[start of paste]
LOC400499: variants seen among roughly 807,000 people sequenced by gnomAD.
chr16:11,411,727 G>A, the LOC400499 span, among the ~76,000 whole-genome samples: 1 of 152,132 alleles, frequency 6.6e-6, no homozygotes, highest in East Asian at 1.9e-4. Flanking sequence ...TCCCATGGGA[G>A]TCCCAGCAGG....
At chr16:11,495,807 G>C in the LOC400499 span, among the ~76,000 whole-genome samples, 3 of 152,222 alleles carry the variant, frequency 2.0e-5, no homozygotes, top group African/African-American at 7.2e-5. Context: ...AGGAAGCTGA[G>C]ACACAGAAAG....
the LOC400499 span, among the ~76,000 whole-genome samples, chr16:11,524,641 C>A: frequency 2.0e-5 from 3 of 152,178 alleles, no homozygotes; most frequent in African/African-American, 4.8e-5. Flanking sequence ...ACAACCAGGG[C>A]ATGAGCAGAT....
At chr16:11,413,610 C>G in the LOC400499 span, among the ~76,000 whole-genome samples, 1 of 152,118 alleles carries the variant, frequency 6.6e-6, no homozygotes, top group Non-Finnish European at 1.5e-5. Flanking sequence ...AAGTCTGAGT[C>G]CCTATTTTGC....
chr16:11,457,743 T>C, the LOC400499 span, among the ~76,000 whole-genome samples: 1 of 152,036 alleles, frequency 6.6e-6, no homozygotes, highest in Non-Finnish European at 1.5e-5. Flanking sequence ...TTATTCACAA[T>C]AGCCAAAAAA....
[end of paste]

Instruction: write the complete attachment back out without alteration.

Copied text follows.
LOC400499: variants seen among roughly 807,000 people sequenced by gnomAD.
chr16:11,411,727 G>A, the LOC400499 span, among the ~76,000 whole-genome samples: 1 of 152,132 alleles, frequency 6.6e-6, no homozygotes, highest in East Asian at 1.9e-4. Flanking sequence ...TCCCATGGGA[G>A]TCCCAGCAGG....
At chr16:11,495,807 G>C in the LOC400499 span, among the ~76,000 whole-genome samples, 3 of 152,222 alleles carry the variant, frequency 2.0e-5, no homozygotes, top group African/African-American at 7.2e-5. Context: ...AGGAAGCTGA[G>C]ACACAGAAAG....
the LOC400499 span, among the ~76,000 whole-genome samples, chr16:11,524,641 C>A: frequency 2.0e-5 from 3 of 152,178 alleles, no homozygotes; most frequent in African/African-American, 4.8e-5. Flanking sequence ...ACAACCAGGG[C>A]ATGAGCAGAT....
At chr16:11,413,610 C>G in the LOC400499 span, among the ~76,000 whole-genome samples, 1 of 152,118 alleles carries the variant, frequency 6.6e-6, no homozygotes, top group Non-Finnish European at 1.5e-5. Flanking sequence ...AAGTCTGAGT[C>G]CCTATTTTGC....
chr16:11,457,743 T>C, the LOC400499 span, among the ~76,000 whole-genome samples: 1 of 152,036 alleles, frequency 6.6e-6, no homozygotes, highest in Non-Finnish European at 1.5e-5. Flanking sequence ...TTATTCACAA[T>C]AGCCAAAAAA....